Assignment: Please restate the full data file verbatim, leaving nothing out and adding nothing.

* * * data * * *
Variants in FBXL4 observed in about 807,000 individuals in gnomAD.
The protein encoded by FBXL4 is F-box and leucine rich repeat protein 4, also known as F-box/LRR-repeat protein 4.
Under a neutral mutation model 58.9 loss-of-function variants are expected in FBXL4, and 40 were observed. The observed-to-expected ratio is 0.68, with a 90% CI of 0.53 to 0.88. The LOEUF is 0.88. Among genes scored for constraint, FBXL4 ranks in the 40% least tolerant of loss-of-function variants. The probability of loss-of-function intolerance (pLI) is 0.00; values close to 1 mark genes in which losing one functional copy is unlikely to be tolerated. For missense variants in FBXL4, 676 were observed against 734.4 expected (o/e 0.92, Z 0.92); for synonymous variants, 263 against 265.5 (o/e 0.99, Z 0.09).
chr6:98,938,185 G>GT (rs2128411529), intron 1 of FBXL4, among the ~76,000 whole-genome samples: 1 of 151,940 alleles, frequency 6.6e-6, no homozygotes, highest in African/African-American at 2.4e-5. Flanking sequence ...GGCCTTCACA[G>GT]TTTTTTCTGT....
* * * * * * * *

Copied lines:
Variants in FBXL4 observed in about 807,000 individuals in gnomAD.
The protein encoded by FBXL4 is F-box and leucine rich repeat protein 4, also known as F-box/LRR-repeat protein 4.
Under a neutral mutation model 58.9 loss-of-function variants are expected in FBXL4, and 40 were observed. The observed-to-expected ratio is 0.68, with a 90% CI of 0.53 to 0.88. The LOEUF is 0.88. Among genes scored for constraint, FBXL4 ranks in the 40% least tolerant of loss-of-function variants. The probability of loss-of-function intolerance (pLI) is 0.00; values close to 1 mark genes in which losing one functional copy is unlikely to be tolerated. For missense variants in FBXL4, 676 were observed against 734.4 expected (o/e 0.92, Z 0.92); for synonymous variants, 263 against 265.5 (o/e 0.99, Z 0.09).
chr6:98,938,185 G>GT (rs2128411529), intron 1 of FBXL4, among the ~76,000 whole-genome samples: 1 of 151,940 alleles, frequency 6.6e-6, no homozygotes, highest in African/African-American at 2.4e-5. Flanking sequence ...GGCCTTCACA[G>GT]TTTTTTCTGT....